Single herbal medicine for diabetic retinopathy.

Research paper by Hong Wei HW Zhang, Hongying H Zhang, Suzanne J SJ Grant, Xia X Wan, Guochun G Li

Indexed on: 20 Dec '18Published on: 20 Dec '18Published in: The Cochrane database of systematic reviews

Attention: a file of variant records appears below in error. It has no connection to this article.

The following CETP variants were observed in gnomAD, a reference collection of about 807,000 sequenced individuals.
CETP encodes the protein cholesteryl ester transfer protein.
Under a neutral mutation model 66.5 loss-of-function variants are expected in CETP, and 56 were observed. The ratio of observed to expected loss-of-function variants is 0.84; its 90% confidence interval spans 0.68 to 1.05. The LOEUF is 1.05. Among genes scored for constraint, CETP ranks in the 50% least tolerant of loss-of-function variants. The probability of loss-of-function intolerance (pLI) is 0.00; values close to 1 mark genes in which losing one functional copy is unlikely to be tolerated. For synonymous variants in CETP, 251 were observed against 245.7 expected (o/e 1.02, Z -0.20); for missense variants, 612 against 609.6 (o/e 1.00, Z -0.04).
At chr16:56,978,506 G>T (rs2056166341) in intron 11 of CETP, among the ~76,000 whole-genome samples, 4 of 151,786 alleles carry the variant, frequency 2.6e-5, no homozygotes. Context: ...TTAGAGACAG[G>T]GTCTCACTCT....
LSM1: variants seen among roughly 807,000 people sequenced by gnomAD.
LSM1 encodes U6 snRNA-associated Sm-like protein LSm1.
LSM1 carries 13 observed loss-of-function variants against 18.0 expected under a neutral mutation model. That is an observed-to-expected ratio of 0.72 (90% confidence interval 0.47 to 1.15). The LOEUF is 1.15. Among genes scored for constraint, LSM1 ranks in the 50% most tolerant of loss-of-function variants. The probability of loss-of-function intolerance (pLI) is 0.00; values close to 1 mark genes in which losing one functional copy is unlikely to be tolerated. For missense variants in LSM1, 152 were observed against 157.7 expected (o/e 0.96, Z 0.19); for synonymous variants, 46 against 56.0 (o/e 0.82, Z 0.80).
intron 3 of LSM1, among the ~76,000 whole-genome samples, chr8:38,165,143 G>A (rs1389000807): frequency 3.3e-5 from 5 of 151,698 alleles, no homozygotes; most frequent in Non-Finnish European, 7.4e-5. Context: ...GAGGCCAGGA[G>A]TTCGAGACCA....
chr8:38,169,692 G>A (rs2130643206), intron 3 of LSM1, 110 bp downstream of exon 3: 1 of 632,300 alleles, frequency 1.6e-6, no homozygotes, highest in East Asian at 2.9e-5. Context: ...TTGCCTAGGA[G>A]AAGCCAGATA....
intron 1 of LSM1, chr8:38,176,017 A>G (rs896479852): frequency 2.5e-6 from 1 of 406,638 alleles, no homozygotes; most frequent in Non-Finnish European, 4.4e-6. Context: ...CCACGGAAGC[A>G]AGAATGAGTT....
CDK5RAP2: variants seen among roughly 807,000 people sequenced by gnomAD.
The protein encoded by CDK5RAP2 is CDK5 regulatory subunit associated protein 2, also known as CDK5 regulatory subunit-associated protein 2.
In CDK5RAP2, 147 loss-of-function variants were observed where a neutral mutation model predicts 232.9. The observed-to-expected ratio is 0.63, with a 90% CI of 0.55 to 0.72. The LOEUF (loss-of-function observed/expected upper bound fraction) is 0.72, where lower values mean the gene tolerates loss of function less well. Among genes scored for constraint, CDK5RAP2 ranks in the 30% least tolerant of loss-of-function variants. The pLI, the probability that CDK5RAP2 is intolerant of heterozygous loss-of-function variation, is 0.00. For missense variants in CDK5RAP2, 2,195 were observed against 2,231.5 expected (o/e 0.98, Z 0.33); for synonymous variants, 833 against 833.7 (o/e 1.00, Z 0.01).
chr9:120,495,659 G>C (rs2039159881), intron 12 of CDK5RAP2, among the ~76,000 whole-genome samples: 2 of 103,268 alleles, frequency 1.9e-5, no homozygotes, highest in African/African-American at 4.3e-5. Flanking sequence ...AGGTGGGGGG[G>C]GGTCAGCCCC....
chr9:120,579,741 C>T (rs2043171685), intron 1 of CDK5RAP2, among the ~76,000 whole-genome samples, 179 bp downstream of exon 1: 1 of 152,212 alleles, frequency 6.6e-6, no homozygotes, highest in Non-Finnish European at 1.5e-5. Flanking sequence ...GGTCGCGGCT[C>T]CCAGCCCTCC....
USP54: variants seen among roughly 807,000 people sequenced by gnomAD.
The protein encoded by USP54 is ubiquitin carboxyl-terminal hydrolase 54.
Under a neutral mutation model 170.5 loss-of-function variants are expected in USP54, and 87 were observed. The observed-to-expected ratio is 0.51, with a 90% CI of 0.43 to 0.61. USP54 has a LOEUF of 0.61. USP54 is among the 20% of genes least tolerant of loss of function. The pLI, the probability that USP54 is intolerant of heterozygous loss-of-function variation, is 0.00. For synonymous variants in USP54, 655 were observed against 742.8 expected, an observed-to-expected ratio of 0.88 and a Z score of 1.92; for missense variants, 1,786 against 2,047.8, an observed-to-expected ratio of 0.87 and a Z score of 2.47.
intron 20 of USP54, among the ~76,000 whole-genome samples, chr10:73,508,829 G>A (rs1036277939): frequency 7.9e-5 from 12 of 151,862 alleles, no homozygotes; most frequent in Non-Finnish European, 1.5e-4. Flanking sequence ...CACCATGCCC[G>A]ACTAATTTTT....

Diabetic retinopathy is one of the major causes of blindness and the number of cases has risen in recent years. Herbal medicine has been used to treat diabetes and its complications including diabetic retinopathy for thousands of years around the world. However, common practice is not always evidence-based. Evidence is needed to help people with diabetic retinopathy or doctors to make judicious judgements about using herbal medicine as treatment. To evaluate the effectiveness and harm of single herbal medicine for diabetic retinopathy. We searched CENTRAL, which contains the Cochrane Eyes and Vision Trials Register, MEDLINE, Embase, OpenGrey, the ISRCTN registry, ClinicalTrials.gov and the ICTRP. The date of the search was 12 June 2018. We also searched the following Chinese databases in June 2013: Chinese BioMedical Literature Database (CBM), Traditional Chinese Medical Literature Analysis and Retrieval System (TCMLARS), Wanfang China Dissertation Database (CDDB), Wanfang China Conference Paper Database (CCPD) and the Index to Chinese Periodical Literature. We included randomised controlled trials (RCTs) and quasi-RCTs that investigated the effects of any single herb (or extracts from a single herb) as a treatment for people with diabetic retinopathy. We considered the following comparators: placebo, no treatment, non-herbal (conventional) medicine or surgical treatment. Two review authors independently extracted data and assessed the risk of bias in the studies. Our prespecified outcomes were: progression of diabetic retinopathy, visual acuity, microaneurysms and haemorrhages in the retina, blood glycated haemoglobin A1c (HbA1c) (%) and adverse effects. We performed meta-analyses using risk ratios (RR) for dichotomous outcomes and mean differences (MD) for continuous outcomes, with 95% confidence intervals (CI). We assessed the certainty of the evidence using GRADE. We included 10 studies involving 754 participants, of which nine were conducted in China and one in Poland. In all studies, participants in both groups received conventional treatment for diabetic retinopathy which included maintaining blood glucose and lipids using medicines and keeping a stable diabetic diet. In three studies, the comparator group also received an additional potentially active comparator in the form of a vasoprotective drug. The single herbs or extracts included Ruscus extract tablet, Sanqi Tongshu capsule, tetramethylpyrazine injection, Xueshuantong injection, Puerarin injection and Xuesaitong injection. The Sanqi Tongshu capsule, Xueshuantong injection and Xuesaitong injection were all made from the extract of Radix Notoginseng (San qi) and the main ingredient was sanchinoside. The risk of bias was high in all included studies mainly due to lack of masking (blinding). None of the studies reported the primary outcome of this review, progression of retinopathy.Combined analysis of herbal interventions suggested that people who took these herbs in combination with conventional treatment may have been more likely to gain 2 or more lines of visual acuity compared to people who did not take these herbs when compared to conventional intervention alone at the end of treatment (RR 1.26, 95% CI 1.08 to 1.48; 5 trials, 541 participants; low-certainty evidence). Subgroup analyses based on the different single herbs found no evidence for different effects of different herbs, but the power of this analysis was low. One study reported Sanqi Tongshu capsule might be associated with a greater reduction in microaneurysms and haemorrhages in the retina (very low-certainty evidence). The pooled analysis of two studies on tetramethylpyrazine or Xueshuantong injection showed such herbs may have had little effect on lowering HbA1c (MD 0.00, 95% CI -0.58 to 0.58; 215 participants; low-certainty evidence).There was very low-certainty evidence on adverse events. Two studies reported minor adverse events such as uncomfortable stomach, urticaria, dizziness and headache. There was no report of observation on adverse events in the other studies. No conclusions could be drawn about the effect of any single herb or herbal extract on diabetic retinopathy from the current available evidence. It was difficult to exclude the placebo effect as a possible explanation for observed differences due to the lack of placebo control in the included studies. Further adequately designed trials are needed to establish the evidence.